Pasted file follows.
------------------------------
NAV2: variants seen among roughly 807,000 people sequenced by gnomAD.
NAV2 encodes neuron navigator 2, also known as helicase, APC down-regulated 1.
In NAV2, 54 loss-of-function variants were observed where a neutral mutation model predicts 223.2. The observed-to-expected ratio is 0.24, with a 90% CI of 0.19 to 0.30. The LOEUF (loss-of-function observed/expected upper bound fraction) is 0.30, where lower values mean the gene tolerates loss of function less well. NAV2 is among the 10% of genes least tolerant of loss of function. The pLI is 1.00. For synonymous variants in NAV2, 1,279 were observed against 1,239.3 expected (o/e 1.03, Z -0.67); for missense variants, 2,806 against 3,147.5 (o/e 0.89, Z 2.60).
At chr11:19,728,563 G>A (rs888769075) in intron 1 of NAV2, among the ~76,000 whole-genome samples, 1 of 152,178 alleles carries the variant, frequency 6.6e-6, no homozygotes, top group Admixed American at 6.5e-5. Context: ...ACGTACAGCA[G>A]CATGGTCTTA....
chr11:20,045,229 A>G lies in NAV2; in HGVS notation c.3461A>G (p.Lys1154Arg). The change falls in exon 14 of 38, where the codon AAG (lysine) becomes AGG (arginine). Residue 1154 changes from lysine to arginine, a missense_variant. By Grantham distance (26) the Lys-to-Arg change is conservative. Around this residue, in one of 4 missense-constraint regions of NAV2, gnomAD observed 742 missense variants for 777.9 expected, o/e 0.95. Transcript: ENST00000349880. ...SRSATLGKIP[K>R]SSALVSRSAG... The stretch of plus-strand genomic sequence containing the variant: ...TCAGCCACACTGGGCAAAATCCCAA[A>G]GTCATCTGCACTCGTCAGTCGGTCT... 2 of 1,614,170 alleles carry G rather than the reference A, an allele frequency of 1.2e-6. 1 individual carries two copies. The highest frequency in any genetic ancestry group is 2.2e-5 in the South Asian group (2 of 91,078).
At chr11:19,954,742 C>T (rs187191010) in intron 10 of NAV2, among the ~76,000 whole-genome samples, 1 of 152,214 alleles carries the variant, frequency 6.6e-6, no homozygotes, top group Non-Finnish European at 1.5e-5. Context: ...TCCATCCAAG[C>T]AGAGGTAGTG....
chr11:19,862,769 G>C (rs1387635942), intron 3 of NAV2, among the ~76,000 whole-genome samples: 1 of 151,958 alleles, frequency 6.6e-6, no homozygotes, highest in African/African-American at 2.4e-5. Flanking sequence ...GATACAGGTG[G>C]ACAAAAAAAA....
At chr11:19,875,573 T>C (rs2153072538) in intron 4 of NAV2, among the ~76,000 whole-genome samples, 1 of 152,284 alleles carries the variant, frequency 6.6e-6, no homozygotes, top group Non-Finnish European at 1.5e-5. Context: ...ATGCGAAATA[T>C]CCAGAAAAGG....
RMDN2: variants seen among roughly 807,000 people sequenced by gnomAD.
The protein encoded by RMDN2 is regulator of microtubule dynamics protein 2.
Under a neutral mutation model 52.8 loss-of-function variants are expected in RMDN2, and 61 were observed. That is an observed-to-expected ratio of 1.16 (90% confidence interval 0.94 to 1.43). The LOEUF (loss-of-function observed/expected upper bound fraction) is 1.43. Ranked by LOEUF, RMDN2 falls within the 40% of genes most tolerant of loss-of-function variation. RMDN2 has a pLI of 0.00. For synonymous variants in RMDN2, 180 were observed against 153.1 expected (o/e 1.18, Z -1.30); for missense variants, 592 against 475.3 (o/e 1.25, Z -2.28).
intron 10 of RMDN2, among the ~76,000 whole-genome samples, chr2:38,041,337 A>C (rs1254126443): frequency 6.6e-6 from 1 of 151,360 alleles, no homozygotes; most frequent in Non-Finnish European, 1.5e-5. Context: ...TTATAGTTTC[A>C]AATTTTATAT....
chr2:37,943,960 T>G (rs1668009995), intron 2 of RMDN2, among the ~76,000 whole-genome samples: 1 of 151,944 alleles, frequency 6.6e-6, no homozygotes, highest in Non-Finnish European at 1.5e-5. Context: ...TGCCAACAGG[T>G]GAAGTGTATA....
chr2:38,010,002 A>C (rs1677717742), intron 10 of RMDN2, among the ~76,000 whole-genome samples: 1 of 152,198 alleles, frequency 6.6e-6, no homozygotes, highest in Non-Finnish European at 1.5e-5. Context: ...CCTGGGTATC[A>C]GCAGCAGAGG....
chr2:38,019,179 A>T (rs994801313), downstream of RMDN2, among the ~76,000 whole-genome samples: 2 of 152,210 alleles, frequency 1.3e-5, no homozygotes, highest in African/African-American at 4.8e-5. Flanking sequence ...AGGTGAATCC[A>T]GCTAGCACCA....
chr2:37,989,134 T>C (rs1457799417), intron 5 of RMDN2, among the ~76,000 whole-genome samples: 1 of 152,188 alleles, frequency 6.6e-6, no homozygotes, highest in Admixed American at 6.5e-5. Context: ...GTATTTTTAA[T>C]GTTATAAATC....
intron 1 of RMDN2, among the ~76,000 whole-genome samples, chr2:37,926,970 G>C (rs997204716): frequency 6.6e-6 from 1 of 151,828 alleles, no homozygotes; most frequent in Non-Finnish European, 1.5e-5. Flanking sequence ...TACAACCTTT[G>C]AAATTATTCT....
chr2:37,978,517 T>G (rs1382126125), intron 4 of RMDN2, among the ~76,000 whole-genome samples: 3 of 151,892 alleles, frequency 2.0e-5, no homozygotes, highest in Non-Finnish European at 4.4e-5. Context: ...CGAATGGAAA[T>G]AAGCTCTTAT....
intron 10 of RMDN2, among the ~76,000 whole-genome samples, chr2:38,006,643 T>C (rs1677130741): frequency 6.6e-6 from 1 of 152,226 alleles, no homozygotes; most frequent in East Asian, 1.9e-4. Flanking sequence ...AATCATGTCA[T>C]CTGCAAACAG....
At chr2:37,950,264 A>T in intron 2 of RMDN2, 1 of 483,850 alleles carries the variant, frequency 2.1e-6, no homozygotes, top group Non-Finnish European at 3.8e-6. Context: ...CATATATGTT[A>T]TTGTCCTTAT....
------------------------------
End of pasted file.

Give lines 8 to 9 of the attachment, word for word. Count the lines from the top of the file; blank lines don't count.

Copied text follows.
At chr11:19,875,573 T>C (rs2153072538) in intron 4 of NAV2, among the ~76,000 whole-genome samples, 1 of 152,284 alleles carries the variant, frequency 6.6e-6, no homozygotes, top group Non-Finnish European at 1.5e-5. Context: ...ATGCGAAATA[T>C]CCAGAAAAGG....
RMDN2: variants seen among roughly 807,000 people sequenced by gnomAD.